Many playwrights have made the leap from stage to screen, either adapting their own works or creating original new stories. Local award-winning writer (and producer/actress) Christine Hoang aims to be the next artist to make this transition with her new screenplay, Fly Girl, which will receive a staged reading this weekend at the Asian American Resource Center, produced by Color Arc Productions and directed by Jenny Lavery.
I caught up with Hoang in this blog-exclusive interview to learn more about the screenplay, the upcoming reading, and her participation in the Sundance Institute’s Development Track.
Andrew Friedenthal: What is your screenplay, Fly Girl, about?
Christine Hoang: Set in Austin, Texas, our story is centered on protagonist Linh Hoang Williams—a 42-year old, size 12 (or size 14 depending on that week’s carb intake), Vietnamese American, recently-divorced, single mom. It’s her 42nd birthday weekend, but Linh’s eight-year old biracial daughter Nini is spending it with her father (Linh’s ex-husband).
Linh can’t sleep when she learns that her ex-husband has started dating again. To distract from her feelings of failure, Linh makes a birthday wish: get a hobby. Her best friend takes her to a Twerkshop (yes, a workshop for twerking) where Linh impresses the dance instructor, who casts Linh in a 90s-inspired hip hop dance troupe called the Fly Girls. Linh soon learns she’s the chubbiest and oldest dancer there—a 42-year old on Facebook in a room of 20-year olds on Instagram. Imposter Syndrome sets in and she starts to lie. Linh tells them, “I’m 30, no kids, never married.” She plugs these lies into her dating profile and meets Isaac, the first Asian guy in her life who tells her, “You’re beautiful,” instead of, “You’re fat.”
When Linh’s lies start to unravel, her alter ego begins to crack. She must overcome her inner demons to find out who she really is.
Friedenthal: Is Fly Girl a romantic comedy?
Hoang: I wouldn’t call it a rom-com. Fly Girl is a love story about the love you give yourself. I’d call it a second coming of age story that happens when you’ve hit the midpoint of your life.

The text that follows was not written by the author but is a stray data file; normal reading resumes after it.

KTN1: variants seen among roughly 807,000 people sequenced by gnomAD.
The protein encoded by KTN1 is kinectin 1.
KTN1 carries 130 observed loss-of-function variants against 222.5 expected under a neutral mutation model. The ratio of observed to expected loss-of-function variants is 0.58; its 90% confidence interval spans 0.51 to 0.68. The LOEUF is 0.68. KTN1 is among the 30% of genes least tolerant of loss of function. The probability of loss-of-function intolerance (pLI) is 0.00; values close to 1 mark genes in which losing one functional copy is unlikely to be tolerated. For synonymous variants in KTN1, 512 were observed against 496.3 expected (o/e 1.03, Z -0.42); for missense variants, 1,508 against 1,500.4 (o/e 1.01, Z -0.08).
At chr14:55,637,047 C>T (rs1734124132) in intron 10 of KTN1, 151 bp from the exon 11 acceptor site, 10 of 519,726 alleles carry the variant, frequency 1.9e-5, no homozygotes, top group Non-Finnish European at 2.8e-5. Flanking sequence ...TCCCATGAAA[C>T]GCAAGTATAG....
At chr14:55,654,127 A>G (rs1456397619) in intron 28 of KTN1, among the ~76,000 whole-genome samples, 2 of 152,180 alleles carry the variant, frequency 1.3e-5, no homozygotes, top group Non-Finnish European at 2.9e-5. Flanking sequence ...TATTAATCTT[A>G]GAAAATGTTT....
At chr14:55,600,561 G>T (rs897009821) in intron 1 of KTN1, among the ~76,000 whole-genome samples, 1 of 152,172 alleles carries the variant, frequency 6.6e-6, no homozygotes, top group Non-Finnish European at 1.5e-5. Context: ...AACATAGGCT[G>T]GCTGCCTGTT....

Friedenthal: What was the inspiration/impetus for writing this screenplay?
Hoang: A year ago, my daughter asked me, “Mommy, can you write something that I can be in with you?” One year later, and she is performing alongside me in my staged reading of Fly Girl on Saturday, November 9th.
I am committed to telling stories where women feel seen, both on stage and on screen. I especially believe that an Asian American woman (one who is not glamorously young, beautiful, rich, and thin) can carry that lead story to portray a whole, fully-realized person who grows into her strength. Moreover, I am passionate about telling a story set in the American South with authentic and diverse characters that reflect the unique community of Asian, Latinx, Black, and LGTBQ voices in an otherwise predominantly white, cis hetero Austin, Texas.
Fly Girl is a comedy inspired by my true-life story. Much like Fly Girl’s main character Linh, I am a Vietnamese American Gen X-er who grew up seeing Asian American women portrayed as peasants or prostitutes in Vietnam war movies. Then came Carrie Ann Inaba, the Asian Fly Girl in the 90s sketch comedy show In Living Color by Keenan Ivory Wayans. Carrie Ann was the first “cool” Asian I ever saw on television. As a teenager in the 90s, I would tune in every week just to get a glimpse of her dancing on screen. I wanted to dance just like Carrie Ann, and I would get that chance two decades later when producer/director Adrienne Dawes and choreographer Carissa McAtee cast me as a Fly Girl in Heckle Her’s 90’s-inspired sketch comedy show Doper Than Dope. I was over the moon.